"I can't understand why every actor in town doesn't come here to work," notes producer Brian E. Rochlin, in reference to the weekly late-night tour de force he mounts out of the Powerhouse Theatre. Indeed, the Friday night event provides such a unique and potentially exciting opportunity to strut one's stuff, it should be the sort of thing that every performer in town flocks to.
Here's how the show works: At around 9 p.m. on a Friday, a group of random actors shows up at the theatre. A group of random writers shows up as well, each writer armed with scripts that he or she has written especially for the evening. The only rule is that the scripts have to be less than 3 minutes long and can't destroy the space. The writers quickly cast the actors in their showlets. Anyone who shows up is part of the pool: Show up with a script, or show up and be cast. The various casts and writers rehearse for something like an hour. Then, around 11 p.m. the casts, writers, and assembled audience troop into the theatre to watch and perform each other's shows.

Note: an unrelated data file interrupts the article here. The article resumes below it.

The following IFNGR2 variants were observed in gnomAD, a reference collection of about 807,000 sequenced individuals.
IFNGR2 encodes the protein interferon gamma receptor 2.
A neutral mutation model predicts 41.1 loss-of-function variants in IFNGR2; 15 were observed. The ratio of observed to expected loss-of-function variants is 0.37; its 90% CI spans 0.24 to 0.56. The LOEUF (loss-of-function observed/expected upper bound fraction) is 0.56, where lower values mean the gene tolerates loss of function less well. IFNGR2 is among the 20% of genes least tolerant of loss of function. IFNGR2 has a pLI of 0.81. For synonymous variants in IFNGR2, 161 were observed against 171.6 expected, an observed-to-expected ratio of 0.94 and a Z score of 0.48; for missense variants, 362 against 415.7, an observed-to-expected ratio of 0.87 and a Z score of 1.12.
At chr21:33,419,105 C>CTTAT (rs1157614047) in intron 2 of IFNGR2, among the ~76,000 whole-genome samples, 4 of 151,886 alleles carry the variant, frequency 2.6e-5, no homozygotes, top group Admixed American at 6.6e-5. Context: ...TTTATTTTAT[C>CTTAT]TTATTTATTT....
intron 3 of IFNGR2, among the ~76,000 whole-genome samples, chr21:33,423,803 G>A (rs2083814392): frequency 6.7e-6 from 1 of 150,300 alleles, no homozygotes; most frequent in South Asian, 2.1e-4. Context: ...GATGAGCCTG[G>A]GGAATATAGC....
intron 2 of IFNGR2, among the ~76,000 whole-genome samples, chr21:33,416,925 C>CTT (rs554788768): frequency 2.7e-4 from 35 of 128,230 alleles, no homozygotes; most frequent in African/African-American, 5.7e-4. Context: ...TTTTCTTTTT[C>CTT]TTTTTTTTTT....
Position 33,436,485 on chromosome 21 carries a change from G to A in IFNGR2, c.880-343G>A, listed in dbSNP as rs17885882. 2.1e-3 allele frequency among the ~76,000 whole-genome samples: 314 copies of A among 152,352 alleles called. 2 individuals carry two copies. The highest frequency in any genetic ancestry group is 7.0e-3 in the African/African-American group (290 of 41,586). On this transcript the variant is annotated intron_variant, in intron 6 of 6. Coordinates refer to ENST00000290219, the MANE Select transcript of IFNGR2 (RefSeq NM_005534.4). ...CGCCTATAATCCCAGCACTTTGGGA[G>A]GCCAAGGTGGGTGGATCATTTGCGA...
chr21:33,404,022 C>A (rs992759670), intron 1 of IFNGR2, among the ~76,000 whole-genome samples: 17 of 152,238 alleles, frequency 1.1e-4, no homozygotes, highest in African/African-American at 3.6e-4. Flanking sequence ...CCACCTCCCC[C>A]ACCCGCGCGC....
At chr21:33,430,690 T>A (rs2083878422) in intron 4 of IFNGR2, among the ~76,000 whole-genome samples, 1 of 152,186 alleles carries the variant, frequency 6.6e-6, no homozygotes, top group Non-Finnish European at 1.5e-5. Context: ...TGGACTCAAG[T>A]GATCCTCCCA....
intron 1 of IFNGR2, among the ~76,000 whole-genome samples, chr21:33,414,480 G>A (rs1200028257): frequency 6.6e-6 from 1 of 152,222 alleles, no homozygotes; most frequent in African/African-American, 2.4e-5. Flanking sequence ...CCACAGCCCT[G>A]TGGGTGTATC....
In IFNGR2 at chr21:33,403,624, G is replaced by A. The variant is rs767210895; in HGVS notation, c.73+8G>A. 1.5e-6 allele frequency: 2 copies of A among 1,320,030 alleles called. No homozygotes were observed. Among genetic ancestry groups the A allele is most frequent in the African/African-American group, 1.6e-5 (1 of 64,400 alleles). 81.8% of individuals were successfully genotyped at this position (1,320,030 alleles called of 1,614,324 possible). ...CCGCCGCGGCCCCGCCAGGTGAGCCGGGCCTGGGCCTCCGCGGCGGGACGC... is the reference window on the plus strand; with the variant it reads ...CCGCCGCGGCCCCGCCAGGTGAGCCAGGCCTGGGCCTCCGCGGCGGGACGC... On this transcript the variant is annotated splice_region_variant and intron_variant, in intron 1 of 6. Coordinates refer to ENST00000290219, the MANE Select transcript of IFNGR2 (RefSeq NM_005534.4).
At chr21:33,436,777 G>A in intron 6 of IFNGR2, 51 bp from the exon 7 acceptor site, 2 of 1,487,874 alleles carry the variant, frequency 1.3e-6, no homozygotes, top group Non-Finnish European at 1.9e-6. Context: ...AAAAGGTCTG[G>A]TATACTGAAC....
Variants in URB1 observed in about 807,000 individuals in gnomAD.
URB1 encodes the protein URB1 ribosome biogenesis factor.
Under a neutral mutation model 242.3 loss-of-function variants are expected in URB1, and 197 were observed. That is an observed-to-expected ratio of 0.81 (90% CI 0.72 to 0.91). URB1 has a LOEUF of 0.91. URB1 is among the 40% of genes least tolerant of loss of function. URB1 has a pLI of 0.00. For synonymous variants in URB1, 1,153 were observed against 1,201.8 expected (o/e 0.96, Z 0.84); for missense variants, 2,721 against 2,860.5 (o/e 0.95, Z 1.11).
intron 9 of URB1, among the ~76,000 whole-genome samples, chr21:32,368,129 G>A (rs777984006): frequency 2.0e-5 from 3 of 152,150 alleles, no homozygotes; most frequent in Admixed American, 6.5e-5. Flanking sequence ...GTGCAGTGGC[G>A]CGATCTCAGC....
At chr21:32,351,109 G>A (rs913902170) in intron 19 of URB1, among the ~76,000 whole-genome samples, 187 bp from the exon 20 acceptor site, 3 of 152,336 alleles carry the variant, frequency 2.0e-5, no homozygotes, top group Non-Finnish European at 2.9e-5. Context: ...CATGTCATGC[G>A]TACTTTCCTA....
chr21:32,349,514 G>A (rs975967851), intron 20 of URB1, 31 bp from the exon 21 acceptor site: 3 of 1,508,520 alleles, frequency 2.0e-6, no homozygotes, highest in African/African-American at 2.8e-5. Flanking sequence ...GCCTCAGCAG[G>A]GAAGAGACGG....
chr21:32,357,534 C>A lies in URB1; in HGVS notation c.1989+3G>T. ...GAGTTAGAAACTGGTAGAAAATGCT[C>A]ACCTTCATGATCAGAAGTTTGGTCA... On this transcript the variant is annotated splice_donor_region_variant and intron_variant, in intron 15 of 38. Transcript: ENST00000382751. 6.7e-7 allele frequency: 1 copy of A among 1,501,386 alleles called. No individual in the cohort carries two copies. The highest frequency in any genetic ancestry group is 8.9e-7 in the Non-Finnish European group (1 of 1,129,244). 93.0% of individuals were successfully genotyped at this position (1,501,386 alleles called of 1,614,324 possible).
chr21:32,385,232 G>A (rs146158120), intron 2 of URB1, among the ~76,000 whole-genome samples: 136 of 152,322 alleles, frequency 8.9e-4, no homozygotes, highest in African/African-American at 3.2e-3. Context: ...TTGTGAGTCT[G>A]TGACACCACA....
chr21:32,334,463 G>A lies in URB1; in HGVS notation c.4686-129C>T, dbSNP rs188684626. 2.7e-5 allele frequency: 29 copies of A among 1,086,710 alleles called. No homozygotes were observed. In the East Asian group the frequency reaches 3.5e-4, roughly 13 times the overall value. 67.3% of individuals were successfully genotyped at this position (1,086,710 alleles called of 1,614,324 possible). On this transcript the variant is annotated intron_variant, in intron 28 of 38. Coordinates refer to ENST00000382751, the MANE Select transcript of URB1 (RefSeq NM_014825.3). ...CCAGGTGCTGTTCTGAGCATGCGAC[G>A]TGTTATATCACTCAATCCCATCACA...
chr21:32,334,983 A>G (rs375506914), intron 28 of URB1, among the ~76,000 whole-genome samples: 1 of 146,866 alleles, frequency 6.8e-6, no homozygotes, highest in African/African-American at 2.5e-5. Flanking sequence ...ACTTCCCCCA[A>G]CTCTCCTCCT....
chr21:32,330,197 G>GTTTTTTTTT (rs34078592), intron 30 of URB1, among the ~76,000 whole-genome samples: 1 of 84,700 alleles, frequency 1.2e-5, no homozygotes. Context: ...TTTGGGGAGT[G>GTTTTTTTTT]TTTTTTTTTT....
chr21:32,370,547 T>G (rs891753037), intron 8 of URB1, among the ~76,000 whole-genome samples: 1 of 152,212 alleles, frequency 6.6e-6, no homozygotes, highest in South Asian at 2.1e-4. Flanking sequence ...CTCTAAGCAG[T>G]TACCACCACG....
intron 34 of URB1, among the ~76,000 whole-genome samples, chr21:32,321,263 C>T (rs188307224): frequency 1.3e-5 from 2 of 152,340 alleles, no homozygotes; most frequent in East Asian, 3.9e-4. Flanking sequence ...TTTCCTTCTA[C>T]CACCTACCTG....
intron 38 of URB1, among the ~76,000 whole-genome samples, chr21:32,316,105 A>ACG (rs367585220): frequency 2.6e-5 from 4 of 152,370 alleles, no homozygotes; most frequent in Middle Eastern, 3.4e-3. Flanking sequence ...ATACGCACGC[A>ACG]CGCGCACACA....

On the night reviewed, the bill consisted of some 18 vignettes, none over three minutes, and several clocking in at under a minute. As one might expect, the vignettes ranged widely in theme, depicting a variety of experience. There was a dandy horror tale, about a young couple trapped in a haunted house being stalked by a monster with an ax. And there was a funny Saturday Night Live-type skit about a naked couple who disrupt a Halloween party. Other skits were less successful, but what the heck! Each lasted only a couple of minutes, so the viewer barely had enough time to get bored before it was time for the next one.
The quality of writing and performance, even under the most arbitrary and random circumstances of what is essentially a theatrical open mic, is surprisingly high. Certainly, even though many of the playlets are written in haste, they are more than on par with many of the supposedly comparatively developed one-act plays put on by better-known local theatre companies. Although the show's varied experience is one of its major allures, it would also be fun to see the "best" of several months worth of these shows put onto a bill and presented as a bona fide production.